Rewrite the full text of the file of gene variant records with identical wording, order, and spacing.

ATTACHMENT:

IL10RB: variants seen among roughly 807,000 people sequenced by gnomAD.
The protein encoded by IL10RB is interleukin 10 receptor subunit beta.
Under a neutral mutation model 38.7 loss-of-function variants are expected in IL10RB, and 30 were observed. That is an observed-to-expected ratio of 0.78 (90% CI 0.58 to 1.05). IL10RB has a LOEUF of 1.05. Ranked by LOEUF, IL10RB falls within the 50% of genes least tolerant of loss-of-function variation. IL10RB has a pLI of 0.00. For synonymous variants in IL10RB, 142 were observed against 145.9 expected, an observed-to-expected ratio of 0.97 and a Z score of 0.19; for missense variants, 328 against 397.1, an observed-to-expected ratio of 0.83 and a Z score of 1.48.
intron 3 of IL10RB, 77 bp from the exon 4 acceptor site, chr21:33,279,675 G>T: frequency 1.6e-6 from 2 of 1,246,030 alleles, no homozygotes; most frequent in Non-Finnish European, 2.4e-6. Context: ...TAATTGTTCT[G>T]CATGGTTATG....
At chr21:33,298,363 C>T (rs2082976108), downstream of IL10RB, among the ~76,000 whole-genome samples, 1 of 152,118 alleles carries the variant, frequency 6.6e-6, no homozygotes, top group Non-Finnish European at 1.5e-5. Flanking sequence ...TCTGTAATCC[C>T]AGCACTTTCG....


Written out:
IL10RB: variants seen among roughly 807,000 people sequenced by gnomAD.
The protein encoded by IL10RB is interleukin 10 receptor subunit beta.
Under a neutral mutation model 38.7 loss-of-function variants are expected in IL10RB, and 30 were observed. That is an observed-to-expected ratio of 0.78 (90% CI 0.58 to 1.05). IL10RB has a LOEUF of 1.05. Ranked by LOEUF, IL10RB falls within the 50% of genes least tolerant of loss-of-function variation. IL10RB has a pLI of 0.00. For synonymous variants in IL10RB, 142 were observed against 145.9 expected, an observed-to-expected ratio of 0.97 and a Z score of 0.19; for missense variants, 328 against 397.1, an observed-to-expected ratio of 0.83 and a Z score of 1.48.
intron 3 of IL10RB, 77 bp from the exon 4 acceptor site, chr21:33,279,675 G>T: frequency 1.6e-6 from 2 of 1,246,030 alleles, no homozygotes; most frequent in Non-Finnish European, 2.4e-6. Context: ...TAATTGTTCT[G>T]CATGGTTATG....
At chr21:33,298,363 C>T (rs2082976108), downstream of IL10RB, among the ~76,000 whole-genome samples, 1 of 152,118 alleles carries the variant, frequency 6.6e-6, no homozygotes, top group Non-Finnish European at 1.5e-5. Flanking sequence ...TCTGTAATCC[C>T]AGCACTTTCG....